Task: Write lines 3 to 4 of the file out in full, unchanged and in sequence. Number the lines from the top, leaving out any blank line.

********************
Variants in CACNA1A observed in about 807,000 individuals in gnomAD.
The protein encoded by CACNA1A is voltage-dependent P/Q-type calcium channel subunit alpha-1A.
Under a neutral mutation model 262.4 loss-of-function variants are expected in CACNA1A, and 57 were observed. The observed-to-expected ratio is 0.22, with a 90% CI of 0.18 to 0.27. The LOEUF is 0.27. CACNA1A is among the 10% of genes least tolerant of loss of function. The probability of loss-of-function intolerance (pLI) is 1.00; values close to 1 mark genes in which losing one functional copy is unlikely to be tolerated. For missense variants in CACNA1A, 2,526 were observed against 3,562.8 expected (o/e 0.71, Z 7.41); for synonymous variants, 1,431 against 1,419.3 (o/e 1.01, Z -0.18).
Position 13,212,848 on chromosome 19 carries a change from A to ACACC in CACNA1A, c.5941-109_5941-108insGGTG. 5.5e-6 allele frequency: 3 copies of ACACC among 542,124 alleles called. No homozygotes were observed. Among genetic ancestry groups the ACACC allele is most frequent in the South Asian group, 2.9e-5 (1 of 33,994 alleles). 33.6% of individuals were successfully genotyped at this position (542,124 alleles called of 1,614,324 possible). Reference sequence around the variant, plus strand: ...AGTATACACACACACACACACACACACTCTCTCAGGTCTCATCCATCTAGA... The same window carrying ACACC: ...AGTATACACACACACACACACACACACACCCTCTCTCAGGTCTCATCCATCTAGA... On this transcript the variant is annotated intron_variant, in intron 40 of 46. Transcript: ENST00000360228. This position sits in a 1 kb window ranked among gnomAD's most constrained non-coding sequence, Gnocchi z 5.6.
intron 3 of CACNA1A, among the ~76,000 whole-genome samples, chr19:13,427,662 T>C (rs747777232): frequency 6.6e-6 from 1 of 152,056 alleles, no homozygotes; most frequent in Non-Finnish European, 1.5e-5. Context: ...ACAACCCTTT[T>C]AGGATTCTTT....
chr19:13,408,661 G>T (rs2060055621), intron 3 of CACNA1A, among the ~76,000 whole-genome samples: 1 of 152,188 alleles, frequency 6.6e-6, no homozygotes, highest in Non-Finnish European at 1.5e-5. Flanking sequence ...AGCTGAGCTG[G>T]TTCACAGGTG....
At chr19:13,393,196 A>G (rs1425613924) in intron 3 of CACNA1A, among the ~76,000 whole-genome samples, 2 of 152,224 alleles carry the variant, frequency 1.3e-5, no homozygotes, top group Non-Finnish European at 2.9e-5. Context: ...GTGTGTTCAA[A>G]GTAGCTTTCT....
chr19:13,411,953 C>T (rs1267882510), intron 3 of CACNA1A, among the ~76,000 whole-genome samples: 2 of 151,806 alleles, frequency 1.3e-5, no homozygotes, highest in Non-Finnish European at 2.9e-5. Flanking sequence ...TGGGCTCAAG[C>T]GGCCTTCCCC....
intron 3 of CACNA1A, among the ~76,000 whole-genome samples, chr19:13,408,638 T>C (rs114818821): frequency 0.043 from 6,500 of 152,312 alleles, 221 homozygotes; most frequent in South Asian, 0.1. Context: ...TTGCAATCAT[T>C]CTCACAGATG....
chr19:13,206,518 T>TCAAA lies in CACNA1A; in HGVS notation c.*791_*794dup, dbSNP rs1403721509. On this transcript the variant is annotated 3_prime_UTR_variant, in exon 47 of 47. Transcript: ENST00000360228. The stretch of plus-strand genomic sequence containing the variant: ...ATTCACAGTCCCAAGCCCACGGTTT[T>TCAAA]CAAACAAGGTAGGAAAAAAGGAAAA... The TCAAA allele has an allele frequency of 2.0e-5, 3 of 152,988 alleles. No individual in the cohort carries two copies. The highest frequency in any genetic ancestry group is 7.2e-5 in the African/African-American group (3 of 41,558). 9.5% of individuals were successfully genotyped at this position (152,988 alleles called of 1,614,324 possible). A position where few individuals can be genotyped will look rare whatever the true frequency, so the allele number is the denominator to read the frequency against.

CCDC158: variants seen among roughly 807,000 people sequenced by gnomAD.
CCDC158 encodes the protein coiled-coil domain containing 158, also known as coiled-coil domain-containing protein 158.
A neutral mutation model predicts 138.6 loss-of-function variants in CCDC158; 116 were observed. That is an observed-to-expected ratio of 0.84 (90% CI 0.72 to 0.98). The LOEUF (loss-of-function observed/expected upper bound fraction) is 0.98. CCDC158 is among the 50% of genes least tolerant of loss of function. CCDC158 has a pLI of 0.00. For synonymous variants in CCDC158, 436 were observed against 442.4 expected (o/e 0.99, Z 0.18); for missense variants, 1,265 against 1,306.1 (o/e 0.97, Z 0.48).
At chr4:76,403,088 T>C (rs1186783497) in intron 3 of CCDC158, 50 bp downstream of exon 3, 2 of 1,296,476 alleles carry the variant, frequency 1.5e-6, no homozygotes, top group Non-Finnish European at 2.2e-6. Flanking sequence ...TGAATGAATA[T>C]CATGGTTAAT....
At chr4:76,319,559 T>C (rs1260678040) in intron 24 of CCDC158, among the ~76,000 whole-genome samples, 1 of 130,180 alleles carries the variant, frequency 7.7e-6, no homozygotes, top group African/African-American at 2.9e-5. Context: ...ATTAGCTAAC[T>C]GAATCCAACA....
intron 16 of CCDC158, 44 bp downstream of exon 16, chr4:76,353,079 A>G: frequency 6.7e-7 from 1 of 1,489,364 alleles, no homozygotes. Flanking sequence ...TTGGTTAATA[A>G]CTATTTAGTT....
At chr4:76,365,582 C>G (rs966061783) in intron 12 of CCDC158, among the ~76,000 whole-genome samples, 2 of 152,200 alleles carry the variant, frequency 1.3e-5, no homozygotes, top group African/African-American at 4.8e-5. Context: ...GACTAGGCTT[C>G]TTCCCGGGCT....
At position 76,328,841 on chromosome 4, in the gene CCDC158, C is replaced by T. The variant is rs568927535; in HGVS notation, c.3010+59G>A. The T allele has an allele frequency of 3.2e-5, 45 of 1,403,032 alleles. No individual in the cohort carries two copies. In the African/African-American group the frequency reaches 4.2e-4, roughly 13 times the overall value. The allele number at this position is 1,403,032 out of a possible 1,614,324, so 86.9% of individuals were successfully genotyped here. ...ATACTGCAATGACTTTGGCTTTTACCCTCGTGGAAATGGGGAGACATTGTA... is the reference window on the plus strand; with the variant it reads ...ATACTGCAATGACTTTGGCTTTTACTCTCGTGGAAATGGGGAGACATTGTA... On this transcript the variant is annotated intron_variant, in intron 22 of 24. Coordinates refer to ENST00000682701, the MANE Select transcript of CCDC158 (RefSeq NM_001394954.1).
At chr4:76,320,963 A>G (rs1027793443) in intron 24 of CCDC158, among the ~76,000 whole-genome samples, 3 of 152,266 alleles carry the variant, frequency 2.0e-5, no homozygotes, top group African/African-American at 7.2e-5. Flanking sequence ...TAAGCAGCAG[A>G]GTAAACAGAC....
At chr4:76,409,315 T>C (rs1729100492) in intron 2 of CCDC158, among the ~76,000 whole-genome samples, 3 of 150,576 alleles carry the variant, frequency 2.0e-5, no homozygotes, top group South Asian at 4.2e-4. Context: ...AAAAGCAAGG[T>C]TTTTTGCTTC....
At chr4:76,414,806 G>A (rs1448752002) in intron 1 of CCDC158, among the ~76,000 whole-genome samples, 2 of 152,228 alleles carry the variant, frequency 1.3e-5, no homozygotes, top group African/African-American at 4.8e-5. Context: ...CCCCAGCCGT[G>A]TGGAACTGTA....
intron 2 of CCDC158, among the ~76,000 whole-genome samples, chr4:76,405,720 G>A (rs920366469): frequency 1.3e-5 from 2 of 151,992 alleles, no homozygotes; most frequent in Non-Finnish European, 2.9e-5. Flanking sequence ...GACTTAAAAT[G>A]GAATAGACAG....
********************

Under a neutral mutation model 262.4 loss-of-function variants are expected in CACNA1A, and 57 were observed. The observed-to-expected ratio is 0.22, with a 90% CI of 0.18 to 0.27. The LOEUF is 0.27. CACNA1A is among the 10% of genes least tolerant of loss of function. The probability of loss-of-function intolerance (pLI) is 1.00; values close to 1 mark genes in which losing one functional copy is unlikely to be tolerated. For missense variants in CACNA1A, 2,526 were observed against 3,562.8 expected (o/e 0.71, Z 7.41); for synonymous variants, 1,431 against 1,419.3 (o/e 1.01, Z -0.18).
Position 13,212,848 on chromosome 19 carries a change from A to ACACC in CACNA1A, c.5941-109_5941-108insGGTG. 5.5e-6 allele frequency: 3 copies of ACACC among 542,124 alleles called. No homozygotes were observed. Among genetic ancestry groups the ACACC allele is most frequent in the South Asian group, 2.9e-5 (1 of 33,994 alleles). 33.6% of individuals were successfully genotyped at this position (542,124 alleles called of 1,614,324 possible). Reference sequence around the variant, plus strand: ...AGTATACACACACACACACACACACACTCTCTCAGGTCTCATCCATCTAGA... The same window carrying ACACC: ...AGTATACACACACACACACACACACACACCCTCTCTCAGGTCTCATCCATCTAGA... On this transcript the variant is annotated intron_variant, in intron 40 of 46. Transcript: ENST00000360228. This position sits in a 1 kb window ranked among gnomAD's most constrained non-coding sequence, Gnocchi z 5.6.